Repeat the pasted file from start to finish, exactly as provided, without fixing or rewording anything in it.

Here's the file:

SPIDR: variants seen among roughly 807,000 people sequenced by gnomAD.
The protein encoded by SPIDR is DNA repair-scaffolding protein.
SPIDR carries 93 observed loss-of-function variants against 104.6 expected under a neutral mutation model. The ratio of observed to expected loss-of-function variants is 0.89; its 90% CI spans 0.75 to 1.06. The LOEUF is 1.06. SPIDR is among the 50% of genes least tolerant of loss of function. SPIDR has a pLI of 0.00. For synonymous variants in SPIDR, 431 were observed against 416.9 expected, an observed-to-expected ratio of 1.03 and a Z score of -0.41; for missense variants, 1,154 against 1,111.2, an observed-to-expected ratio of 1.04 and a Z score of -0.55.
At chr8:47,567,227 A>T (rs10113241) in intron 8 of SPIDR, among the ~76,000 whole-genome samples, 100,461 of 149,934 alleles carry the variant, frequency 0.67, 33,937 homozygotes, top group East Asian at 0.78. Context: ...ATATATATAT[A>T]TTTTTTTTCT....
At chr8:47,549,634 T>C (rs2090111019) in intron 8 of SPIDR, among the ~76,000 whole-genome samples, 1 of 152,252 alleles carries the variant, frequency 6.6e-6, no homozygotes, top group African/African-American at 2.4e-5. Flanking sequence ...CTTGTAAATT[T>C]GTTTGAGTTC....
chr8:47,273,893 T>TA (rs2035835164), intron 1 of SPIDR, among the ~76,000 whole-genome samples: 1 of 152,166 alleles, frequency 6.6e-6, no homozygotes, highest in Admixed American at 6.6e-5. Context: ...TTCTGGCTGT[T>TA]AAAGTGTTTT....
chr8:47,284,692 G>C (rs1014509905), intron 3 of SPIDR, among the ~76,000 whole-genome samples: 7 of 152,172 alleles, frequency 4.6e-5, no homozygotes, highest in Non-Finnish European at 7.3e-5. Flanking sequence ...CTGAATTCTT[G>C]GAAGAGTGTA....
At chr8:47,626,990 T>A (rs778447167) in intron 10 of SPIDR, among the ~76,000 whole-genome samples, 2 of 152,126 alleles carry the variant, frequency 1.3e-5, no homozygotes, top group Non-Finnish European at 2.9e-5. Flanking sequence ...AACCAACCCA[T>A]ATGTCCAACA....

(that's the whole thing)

SPIDR: variants seen among roughly 807,000 people sequenced by gnomAD.
The protein encoded by SPIDR is DNA repair-scaffolding protein.
SPIDR carries 93 observed loss-of-function variants against 104.6 expected under a neutral mutation model. The ratio of observed to expected loss-of-function variants is 0.89; its 90% CI spans 0.75 to 1.06. The LOEUF is 1.06. SPIDR is among the 50% of genes least tolerant of loss of function. SPIDR has a pLI of 0.00. For synonymous variants in SPIDR, 431 were observed against 416.9 expected, an observed-to-expected ratio of 1.03 and a Z score of -0.41; for missense variants, 1,154 against 1,111.2, an observed-to-expected ratio of 1.04 and a Z score of -0.55.
At chr8:47,567,227 A>T (rs10113241) in intron 8 of SPIDR, among the ~76,000 whole-genome samples, 100,461 of 149,934 alleles carry the variant, frequency 0.67, 33,937 homozygotes, top group East Asian at 0.78. Context: ...ATATATATAT[A>T]TTTTTTTTCT....
At chr8:47,549,634 T>C (rs2090111019) in intron 8 of SPIDR, among the ~76,000 whole-genome samples, 1 of 152,252 alleles carries the variant, frequency 6.6e-6, no homozygotes, top group African/African-American at 2.4e-5. Flanking sequence ...CTTGTAAATT[T>C]GTTTGAGTTC....
chr8:47,273,893 T>TA (rs2035835164), intron 1 of SPIDR, among the ~76,000 whole-genome samples: 1 of 152,166 alleles, frequency 6.6e-6, no homozygotes, highest in Admixed American at 6.6e-5. Context: ...TTCTGGCTGT[T>TA]AAAGTGTTTT....
chr8:47,284,692 G>C (rs1014509905), intron 3 of SPIDR, among the ~76,000 whole-genome samples: 7 of 152,172 alleles, frequency 4.6e-5, no homozygotes, highest in Non-Finnish European at 7.3e-5. Flanking sequence ...CTGAATTCTT[G>C]GAAGAGTGTA....
At chr8:47,626,990 T>A (rs778447167) in intron 10 of SPIDR, among the ~76,000 whole-genome samples, 2 of 152,126 alleles carry the variant, frequency 1.3e-5, no homozygotes, top group Non-Finnish European at 2.9e-5. Flanking sequence ...AACCAACCCA[T>A]ATGTCCAACA....